[an error occurred while processing this directive]
With infrared camera and piercing spotlight, the Hernando Sheriff's Office choppers provide backup when deputies on the ground need help.
By ROBERT KING, Times Staff Writer
© St. Petersburg Times
published February 23, 2003
Eight hundred feet above Hernando County, Mike Coburn and B.J. Hart blaze across the night sky doing 130 mph, their helicopter shimmying slightly in a crosswind.
|[Times photos: Daniel Wallace]
The McDonnel Douglas 520N, the newer and faster of the Hernando Sheriff's Office's two helicopters, flies five nights a week and sometimes on daylight missions.
They cover the distance from U.S. 19 to Interstate 75 in less than nine minutes and lament that wind kept the trip from being shorter. Still, this patrol -- on a recent Friday night -- is off to a quiet start for the Hernando County Sheriff's Office aviation unit.
A brief, fruitless search for a stolen car on U.S. 19; a flyover that sent a group of partiers scurrying from a bonfire they had set on private property.
Yet, before their night is done, Coburn and Hart eventually will track down and lead deputies on the ground to a woman who had ventured into the wilderness with suicide on her mind -- a woman who was found on this dark, misty night by the helicopter's special heat-detecting infrared eye.
Despite a colorful history, the sheriff's aviation unit is relatively obscure.
Most Hernando County residents know it only by the brief roar of helicopter engines heard occasionally overhead. Unless the noise lingers -- a sure sign the aviation unit is backing up a ground deputy working an incident below -- most people don't give the choppers a second thought.
Yet the Sheriff's Office swears by its air patrol.
"They come in handy from car chases to burglaries to missing persons," said Hal Enders, a patrol deputy who works the roads at night.
In a county that had long tried to deny the encroachment of big-city dangers, it was a tragedy that occurred 25 years ago last week that finally propelled the Hernando County Sheriff's Office into the skies.
On Feb. 21, 1978, Deputy Lonnie Coburn -- Mike Coburn's cousin -- was working in Ridge Manor when he heard about a robbery in progress at a nearby convenience store. He rushed over and stopped two men. He radioed Tom Nowlin and asked for backup. But, with the force much smaller then, Nowlin had to come all the way from Spring Lake.
By the time he arrived, the men had turned on Coburn, wrestled a gun from him and shot him in the chest. Coburn died a few hours later. The killers were tracked down later that night in a Pasco swamp. Hernando Sheriff Melvin Kelly said they might never have been found had it not been for a police helicopter -- one dispatched from Orlando.
Nowlin, who leads the sheriff's aviation unit today, says things might have been different for his friend had a helicopter been hovering overhead that night.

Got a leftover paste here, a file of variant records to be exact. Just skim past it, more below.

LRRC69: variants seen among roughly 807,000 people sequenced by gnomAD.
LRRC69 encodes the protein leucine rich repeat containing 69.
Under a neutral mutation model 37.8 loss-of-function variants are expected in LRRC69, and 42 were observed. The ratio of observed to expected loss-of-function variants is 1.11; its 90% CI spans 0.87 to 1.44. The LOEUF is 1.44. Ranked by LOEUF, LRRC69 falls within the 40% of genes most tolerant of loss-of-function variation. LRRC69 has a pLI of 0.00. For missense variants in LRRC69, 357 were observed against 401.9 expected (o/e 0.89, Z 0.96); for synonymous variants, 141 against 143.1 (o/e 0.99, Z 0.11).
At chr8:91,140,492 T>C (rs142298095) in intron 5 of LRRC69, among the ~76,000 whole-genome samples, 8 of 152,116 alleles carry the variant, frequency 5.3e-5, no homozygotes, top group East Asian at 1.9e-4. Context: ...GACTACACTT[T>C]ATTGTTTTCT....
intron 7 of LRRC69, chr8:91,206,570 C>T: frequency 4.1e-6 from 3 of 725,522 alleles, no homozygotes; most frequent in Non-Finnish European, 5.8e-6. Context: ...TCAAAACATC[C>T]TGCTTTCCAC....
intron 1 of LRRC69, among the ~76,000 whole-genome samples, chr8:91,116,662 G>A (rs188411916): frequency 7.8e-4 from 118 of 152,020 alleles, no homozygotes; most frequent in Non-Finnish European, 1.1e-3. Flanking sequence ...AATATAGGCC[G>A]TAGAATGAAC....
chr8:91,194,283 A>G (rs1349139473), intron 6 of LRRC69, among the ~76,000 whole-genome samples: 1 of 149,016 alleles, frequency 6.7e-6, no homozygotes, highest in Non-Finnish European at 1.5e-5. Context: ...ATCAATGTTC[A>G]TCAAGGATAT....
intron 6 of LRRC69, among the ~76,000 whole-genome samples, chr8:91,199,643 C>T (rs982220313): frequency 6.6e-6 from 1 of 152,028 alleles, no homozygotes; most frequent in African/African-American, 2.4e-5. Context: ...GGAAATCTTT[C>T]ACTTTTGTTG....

Others felt the same. "Lonnie Coburn's death was kind of the wake-up call that things happen here like everywhere else," said recently retired Sheriff Tom Mylander, who in 1978 was the detective who investigated Coburn's death.
Within months, the Hernando Sheriff's Office purchased its first helicopter. And it did it, ironically, with money from the sale of a drug plane deputies had seized months earlier at the Hernando County Airport -- a bust instigated by Lonnie Coburn himself.
Mylander, who had flown police helicopters in Pinellas County, became the Hernando aviation unit's first pilot. He nurtured the air unit until his retirement in 2000.
Over the years, the aviation unit has seen its share of action.
For Nowlin, the most harrowing day came in 1998 when Hank Earl Carr, who had just shot two Tampa detectives and a state trooper, brought his murderous rampage to Hernando County..
As Nowlin's chopper approached I-75, he could see the exchange of gunfire between Carr and a Pasco County deputy. Briefly, Nowlin made eye contact with Carr. Then he watched as Carr pointed a gun skyward and fired two shots. One missed altogether. The other came through the floor of the helicopter, missed Nowlin's shin by inches and exited the roof.
"At that point, (Carr) was trying to wreck everything in his path," Nowlin said. "It made me angry. I saw what he was doing."
Wisely, Nowlin pulled his chopper over to the passenger side of Carr's truck. He followed it until Carr stopped at a Ridge Manor West service station, where Carr would eventually commit suicide.
For Sheriff Richard Nugent, his most memorable helicopter account is about the search for two men who had raped and murdered a convenience store clerk in Spring Hill. They were found -- by a helicopter pilot -- trying to dislodge their truck from the muck in some thick woods west of U.S. 19. Consensus around the department is that ground deputies would never have seen them.
For Hart, the infrared camera observer, there was the time an Alzheimer's patient wandered into wilderness on a bitterly cold night. Hart spotted him with the camera. He still has a note from the man's family thanking him for saving their father from freezing to death.
And there are other highlights: rescues of injured boaters stranded on coastal islands; the recovery of hikers lost in state forests.
Spring Hill Fire Rescue Chief J.J. Morrison says there are times when his men are fighting brushfires that, literally, they cannot see the forest for the trees. The sheriff's aviation unit can tell firefighters where the fires are headed or drop water on flames that are out of the reach of fire trucks. "I can't put a dollar figure on that resource," Morrison said.